May 27, 2011
Advocate for change: Maria Beebe takes part in new program promoting global learning and engagement
An international education expert at Kansas State University is among the inaugural trainees of a new grassroots program promoting the importance of global learning and engagement.
Maria Beebe, assistant director of international scholars and students services at K-State's International Student Center, will take part in the Connecting Our World Grassroots Leadership Program, offered by NAFSA: Association of International Educators. The association is the world's largest nonprofit organization dedicated to international education.
The Connecting Our World program is a grassroots organizing initiative to give international educators nationwide the tools to advocate for the importance of global learning and engagement in their own communities.
Beebe was selected for the program based on her experience and leadership in the field of international education and in grassroots organizing and community outreach. Membership in NAFSA also was a requirement.
Each participant in the program will implement a tailored grassroots leadership plan to address an issue of concern and then reach out to the local community, building support and bringing about positive change.
Beebe's issue will deal with driver's licenses for international students and scholars.
"It's a problem for some of our international students and scholars," she said. "In some cases the U.S. Department of Homeland Security allows them to work here. In fact, they must work to maintain their visa status. But then the Division of Motor Vehicles won't allow them to drive to their jobs. It's very frustrating, and this is an issue nationwide. My goal, in being part of this program, is to bring awareness to those who have the power to make a change."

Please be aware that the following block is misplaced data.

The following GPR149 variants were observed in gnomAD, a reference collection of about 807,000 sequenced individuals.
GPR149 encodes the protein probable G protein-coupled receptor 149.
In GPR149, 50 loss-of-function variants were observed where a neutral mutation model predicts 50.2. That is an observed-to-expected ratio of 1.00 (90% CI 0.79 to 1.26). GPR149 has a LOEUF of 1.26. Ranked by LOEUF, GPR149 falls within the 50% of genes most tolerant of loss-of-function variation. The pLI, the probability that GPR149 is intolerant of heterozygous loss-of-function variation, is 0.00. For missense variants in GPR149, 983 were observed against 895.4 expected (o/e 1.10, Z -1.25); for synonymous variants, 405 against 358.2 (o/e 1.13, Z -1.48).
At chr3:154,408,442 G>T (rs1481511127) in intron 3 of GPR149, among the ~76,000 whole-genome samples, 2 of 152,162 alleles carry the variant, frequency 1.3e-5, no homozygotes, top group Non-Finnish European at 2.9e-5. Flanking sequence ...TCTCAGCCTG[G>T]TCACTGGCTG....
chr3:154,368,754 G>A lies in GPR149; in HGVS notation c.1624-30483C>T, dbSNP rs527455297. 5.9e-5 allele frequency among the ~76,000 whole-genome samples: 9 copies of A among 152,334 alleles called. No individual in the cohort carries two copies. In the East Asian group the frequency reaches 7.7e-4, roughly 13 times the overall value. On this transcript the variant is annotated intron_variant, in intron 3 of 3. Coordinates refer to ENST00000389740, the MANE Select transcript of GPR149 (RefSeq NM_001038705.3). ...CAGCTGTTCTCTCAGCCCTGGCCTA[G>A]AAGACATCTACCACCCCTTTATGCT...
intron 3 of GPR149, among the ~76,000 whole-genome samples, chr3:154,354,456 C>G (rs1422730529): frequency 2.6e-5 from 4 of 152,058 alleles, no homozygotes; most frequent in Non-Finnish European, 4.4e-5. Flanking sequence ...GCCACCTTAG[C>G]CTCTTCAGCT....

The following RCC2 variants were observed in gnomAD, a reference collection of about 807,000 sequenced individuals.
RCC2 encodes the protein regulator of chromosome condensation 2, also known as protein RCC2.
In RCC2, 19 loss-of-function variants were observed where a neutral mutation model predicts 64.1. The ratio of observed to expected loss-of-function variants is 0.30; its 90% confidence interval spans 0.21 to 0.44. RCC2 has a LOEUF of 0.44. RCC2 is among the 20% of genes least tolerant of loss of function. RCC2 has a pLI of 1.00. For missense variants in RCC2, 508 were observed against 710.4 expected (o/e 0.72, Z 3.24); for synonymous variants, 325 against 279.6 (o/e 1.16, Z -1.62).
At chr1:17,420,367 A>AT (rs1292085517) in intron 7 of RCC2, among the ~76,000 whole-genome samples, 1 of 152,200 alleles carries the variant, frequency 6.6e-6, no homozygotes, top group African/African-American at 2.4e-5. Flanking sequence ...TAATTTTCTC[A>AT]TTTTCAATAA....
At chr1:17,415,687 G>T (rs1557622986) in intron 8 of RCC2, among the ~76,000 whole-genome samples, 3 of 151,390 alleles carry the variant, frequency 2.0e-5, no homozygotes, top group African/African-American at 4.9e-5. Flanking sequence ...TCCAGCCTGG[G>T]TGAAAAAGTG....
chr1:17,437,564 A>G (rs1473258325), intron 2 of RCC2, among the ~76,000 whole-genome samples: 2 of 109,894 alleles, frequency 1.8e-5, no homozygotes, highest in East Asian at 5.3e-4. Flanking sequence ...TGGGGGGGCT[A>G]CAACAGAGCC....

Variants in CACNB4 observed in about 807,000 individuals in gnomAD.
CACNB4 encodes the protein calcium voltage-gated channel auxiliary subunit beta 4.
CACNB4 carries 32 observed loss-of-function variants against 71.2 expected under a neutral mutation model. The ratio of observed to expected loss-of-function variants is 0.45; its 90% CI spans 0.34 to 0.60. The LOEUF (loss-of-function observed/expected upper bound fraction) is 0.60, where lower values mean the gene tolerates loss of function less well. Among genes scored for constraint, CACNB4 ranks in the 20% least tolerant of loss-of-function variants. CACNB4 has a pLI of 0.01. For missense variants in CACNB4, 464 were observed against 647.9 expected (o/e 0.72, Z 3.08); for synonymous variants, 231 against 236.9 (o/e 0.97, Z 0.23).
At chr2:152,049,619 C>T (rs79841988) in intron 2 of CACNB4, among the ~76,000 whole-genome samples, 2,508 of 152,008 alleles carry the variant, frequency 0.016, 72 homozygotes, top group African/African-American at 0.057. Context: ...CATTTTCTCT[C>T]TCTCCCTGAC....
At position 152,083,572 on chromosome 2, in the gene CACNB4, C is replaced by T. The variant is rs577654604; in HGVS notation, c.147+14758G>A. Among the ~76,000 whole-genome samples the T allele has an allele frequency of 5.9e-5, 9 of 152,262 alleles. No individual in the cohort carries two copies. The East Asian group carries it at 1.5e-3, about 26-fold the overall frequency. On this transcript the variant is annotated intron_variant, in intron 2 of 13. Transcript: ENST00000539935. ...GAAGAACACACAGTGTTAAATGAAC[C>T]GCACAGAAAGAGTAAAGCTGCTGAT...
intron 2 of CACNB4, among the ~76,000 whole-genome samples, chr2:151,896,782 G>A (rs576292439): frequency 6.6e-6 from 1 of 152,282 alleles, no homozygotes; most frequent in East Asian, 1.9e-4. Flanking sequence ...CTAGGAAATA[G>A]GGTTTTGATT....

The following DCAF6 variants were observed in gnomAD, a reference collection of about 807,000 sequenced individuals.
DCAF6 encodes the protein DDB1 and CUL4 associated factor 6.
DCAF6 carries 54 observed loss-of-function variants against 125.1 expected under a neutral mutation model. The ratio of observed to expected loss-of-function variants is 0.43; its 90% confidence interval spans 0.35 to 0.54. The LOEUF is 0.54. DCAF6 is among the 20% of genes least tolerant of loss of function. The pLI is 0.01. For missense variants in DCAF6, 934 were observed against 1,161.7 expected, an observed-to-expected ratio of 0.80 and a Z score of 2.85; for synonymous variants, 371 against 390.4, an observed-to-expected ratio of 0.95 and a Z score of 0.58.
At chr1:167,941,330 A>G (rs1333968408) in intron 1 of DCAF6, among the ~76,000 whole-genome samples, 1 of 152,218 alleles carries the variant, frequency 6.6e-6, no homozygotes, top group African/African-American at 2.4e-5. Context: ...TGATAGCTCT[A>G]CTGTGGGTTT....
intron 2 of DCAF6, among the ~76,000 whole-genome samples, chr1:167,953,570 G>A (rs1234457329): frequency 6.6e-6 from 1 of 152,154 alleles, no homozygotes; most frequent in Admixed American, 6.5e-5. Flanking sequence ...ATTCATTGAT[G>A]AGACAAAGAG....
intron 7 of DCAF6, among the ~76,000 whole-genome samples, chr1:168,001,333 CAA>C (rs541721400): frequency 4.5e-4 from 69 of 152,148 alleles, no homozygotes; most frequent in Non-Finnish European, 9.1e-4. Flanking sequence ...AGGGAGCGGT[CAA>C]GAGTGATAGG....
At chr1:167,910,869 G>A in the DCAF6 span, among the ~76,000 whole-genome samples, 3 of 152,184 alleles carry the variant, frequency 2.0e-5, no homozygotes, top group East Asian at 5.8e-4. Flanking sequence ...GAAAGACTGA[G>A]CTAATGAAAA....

Beebe's longtime interest in immigration advocacy was the main reason she wanted to be part of the Connecting Our World Grassroots Leadership Program.
"I enjoy working with and learning about immigration law and policy," she said. "This program was particularly appealing because I'm in its first cohort and it will be interesting to help shape its future. In addition, NAFSA is going to provide us with training and support for tackling our individual issues."
Beebe and the other trainees will also develop resources and tool kits from their experiences that will be published at the program's website, http://www.ConnectingOurWorld.org, for other advocates to draw from when tackling issues of concern in their own communities. The Grassroots Leadership Program will provide tailored training as well as a forum for discussing and sharing ideas as the participants do their work.
"We look forward to working with this outstanding group of international education activists over the course of the next year," said Marlene M. Johnson, NAFSA executive director and CEO. "The well-known phrase 'all politics is local' has perhaps never been more true, and this program aims to support international educators as they engage more directly in their local communities to lead initiatives that further global learning and engagement."
Beebe began working at the International Student Center in 1999. In her current position she advises foreign students and scholars.
Beebe is active in NAFSA, serving as its Region II conference planner in 2008 and 2009. She is also in NAFSA's Trainer Corps and trains others in international scholar advising.
She earned a bachelor's in political science and Latin American studies from Pennsylvania State University, and is currently working on her master's in political science at K-State.